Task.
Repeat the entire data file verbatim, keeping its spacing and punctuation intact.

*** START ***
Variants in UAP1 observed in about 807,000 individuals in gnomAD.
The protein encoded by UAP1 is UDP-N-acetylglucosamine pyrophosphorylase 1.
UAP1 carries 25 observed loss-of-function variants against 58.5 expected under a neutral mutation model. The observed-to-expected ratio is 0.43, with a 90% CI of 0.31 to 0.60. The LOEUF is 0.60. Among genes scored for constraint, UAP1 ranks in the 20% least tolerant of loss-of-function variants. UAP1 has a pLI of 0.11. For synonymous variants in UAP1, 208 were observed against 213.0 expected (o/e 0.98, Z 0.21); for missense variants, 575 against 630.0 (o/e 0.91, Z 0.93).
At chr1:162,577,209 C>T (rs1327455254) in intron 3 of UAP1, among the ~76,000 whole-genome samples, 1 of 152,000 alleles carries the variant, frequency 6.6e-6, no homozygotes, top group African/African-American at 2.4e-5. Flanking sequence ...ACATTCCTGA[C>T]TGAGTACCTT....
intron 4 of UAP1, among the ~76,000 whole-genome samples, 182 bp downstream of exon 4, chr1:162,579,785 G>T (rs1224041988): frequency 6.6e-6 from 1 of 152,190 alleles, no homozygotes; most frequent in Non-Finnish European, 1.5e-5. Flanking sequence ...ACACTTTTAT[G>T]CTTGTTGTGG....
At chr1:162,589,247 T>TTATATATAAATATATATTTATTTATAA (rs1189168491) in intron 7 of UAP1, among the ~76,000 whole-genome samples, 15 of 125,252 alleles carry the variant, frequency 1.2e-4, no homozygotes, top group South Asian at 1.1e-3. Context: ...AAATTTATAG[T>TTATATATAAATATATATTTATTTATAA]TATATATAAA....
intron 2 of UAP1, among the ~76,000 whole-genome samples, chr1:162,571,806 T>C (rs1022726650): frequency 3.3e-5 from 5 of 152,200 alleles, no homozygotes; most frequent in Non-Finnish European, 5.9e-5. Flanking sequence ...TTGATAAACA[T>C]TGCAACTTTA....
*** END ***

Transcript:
Variants in UAP1 observed in about 807,000 individuals in gnomAD.
The protein encoded by UAP1 is UDP-N-acetylglucosamine pyrophosphorylase 1.
UAP1 carries 25 observed loss-of-function variants against 58.5 expected under a neutral mutation model. The observed-to-expected ratio is 0.43, with a 90% CI of 0.31 to 0.60. The LOEUF is 0.60. Among genes scored for constraint, UAP1 ranks in the 20% least tolerant of loss-of-function variants. UAP1 has a pLI of 0.11. For synonymous variants in UAP1, 208 were observed against 213.0 expected (o/e 0.98, Z 0.21); for missense variants, 575 against 630.0 (o/e 0.91, Z 0.93).
At chr1:162,577,209 C>T (rs1327455254) in intron 3 of UAP1, among the ~76,000 whole-genome samples, 1 of 152,000 alleles carries the variant, frequency 6.6e-6, no homozygotes, top group African/African-American at 2.4e-5. Flanking sequence ...ACATTCCTGA[C>T]TGAGTACCTT....
intron 4 of UAP1, among the ~76,000 whole-genome samples, 182 bp downstream of exon 4, chr1:162,579,785 G>T (rs1224041988): frequency 6.6e-6 from 1 of 152,190 alleles, no homozygotes; most frequent in Non-Finnish European, 1.5e-5. Flanking sequence ...ACACTTTTAT[G>T]CTTGTTGTGG....
At chr1:162,589,247 T>TTATATATAAATATATATTTATTTATAA (rs1189168491) in intron 7 of UAP1, among the ~76,000 whole-genome samples, 15 of 125,252 alleles carry the variant, frequency 1.2e-4, no homozygotes, top group South Asian at 1.1e-3. Context: ...AAATTTATAG[T>TTATATATAAATATATATTTATTTATAA]TATATATAAA....
intron 2 of UAP1, among the ~76,000 whole-genome samples, chr1:162,571,806 T>C (rs1022726650): frequency 3.3e-5 from 5 of 152,200 alleles, no homozygotes; most frequent in Non-Finnish European, 5.9e-5. Flanking sequence ...TTGATAAACA[T>C]TGCAACTTTA....